Damielys Duarte/Staff Writer
FIU’s Modesto Maidique Campus is known for its towering palms and lush vegetation. The open campus gives the space a recreational feel and offers students an escape from the academic walls lying feet away.
In light of this concept, our Student Government Association, along with the backing of multiple members of faculty and staff, want to implement an arboretum, or a museum of tree life. This would be a great addition to the sprawling MMC, where it would not only raise awareness of our global ecology right here on campus, but also offer FIU students a natural work and living space.
It’s no wonder many students and faculty have already shown support for the plan. SGA cabinet member Amelia Leon proposed a resolution to support the project and has already garnered the support of the Honors College, the Biology Department and the Department of Parking, Sustainability and Transportation.
This might very well be in part to the environmental and psychological benefits of the arboretum, as studies have shown that increasing the amount of tree canopies on campus leads to decreased anxiety, according to SGC Senator Bryan Gomez.
Hence, not only is the project aesthetically improving the green space on campus, but also providing health and mental benefits to busy students.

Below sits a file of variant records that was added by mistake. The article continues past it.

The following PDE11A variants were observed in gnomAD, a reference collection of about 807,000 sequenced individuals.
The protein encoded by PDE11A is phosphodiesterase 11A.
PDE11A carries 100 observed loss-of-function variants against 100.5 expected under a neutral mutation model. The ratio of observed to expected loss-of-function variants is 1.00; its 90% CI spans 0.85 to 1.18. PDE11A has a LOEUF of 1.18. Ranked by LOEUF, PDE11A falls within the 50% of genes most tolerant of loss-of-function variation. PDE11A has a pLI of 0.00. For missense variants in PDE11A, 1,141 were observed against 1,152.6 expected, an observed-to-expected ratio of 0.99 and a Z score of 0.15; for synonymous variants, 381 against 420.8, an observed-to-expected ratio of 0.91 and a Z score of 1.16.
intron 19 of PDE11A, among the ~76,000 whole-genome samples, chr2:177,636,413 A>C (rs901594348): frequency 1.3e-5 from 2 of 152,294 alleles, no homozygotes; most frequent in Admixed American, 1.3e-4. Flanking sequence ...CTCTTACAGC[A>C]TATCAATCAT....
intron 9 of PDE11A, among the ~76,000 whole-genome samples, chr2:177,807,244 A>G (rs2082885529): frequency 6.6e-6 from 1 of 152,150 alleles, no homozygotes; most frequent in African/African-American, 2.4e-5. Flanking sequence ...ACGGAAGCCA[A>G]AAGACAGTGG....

However, with the rise of the resolution came opponents already arguing over the arboretum. One main argument is that the plan for more trees on campus is a bogus solution to climate change and funds should be directed towards initiatives with clearer impact on global ecology.
And although a valid claim, it’s important to recognize the steps the University is taking in order to promote such ideas. Arguing for plastic reduction or low fuel-emissions on campus is a lengthier and more expensive endeavor than beautifying the landscape with exotic foliage.
This new and exciting project won’t be the end of environmentally friendly initiatives at FIU, but a starting point for future projects.
On a darker note, some opponents claim that additional canopy cover will result in higher numbers of rape on campus due to the reduction of already limited light sources, Leon has suggested installing lower light fixtures to maintain visibility on campus and assist with student safety.
In addition to this, funding for the arboretum is being largely derived from fundraisers, donors and grants, meaning students won’t have to pay for the floral upgrade to the MMC lawns.
Ultimately, the most innovative aspect of the project is the involvement of the FIU community in its creation.
The project will be led by our very own student biologists, botanists and architects, meaning this will bring the entire University together in creating an eco-friendly environment that we will all benefit from.
Thus, our school will be serving as a model to our community and beyond.
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